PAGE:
This is a print recording a lost painting by Gabriel von Max of
1869, painted in Munich. An anatomist meditates, chin in hand, on
the body of a young, beautiful woman, pulling back the cloth that
covers her body in order to gaze upon her. On the desk beside him
are open books, a lamp, and human and animal skulls. As well as
being tools of study, they function as symbols of death, as does
the moth that has alighted next to the cadaver.
Gabriel Max was himself an anatomist, philosopher and naturalist
as well as a painter very well known in his time for his singeries
(paintings of monkeys performing human tasks). His paintings evoked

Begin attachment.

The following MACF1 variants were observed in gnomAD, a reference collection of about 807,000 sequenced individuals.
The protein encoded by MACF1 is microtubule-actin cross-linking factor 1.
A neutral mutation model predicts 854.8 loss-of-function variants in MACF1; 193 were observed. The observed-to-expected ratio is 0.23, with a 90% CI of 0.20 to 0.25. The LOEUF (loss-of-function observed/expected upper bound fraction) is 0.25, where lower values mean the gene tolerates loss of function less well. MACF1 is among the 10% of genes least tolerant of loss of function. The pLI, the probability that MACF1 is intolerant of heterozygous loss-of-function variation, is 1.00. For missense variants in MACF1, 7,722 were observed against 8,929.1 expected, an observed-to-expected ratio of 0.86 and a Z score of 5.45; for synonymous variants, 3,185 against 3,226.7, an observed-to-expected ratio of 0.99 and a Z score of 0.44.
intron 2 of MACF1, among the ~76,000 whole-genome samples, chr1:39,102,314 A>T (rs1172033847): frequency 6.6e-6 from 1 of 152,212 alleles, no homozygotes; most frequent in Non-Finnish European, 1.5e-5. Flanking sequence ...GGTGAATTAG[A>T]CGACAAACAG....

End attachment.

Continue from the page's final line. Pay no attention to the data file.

the metaphysical implications of animal and human life.
The present picture could be regarded as bordering on
necrophilia, and would no doubt have been condemned by the British
art experts of the day, but the enormous popularity of such morbid
pictures as Arnold Böcklin's 'Island of the dead' (1880) attest to
the interest in pictures of such themes, however unhealthy they may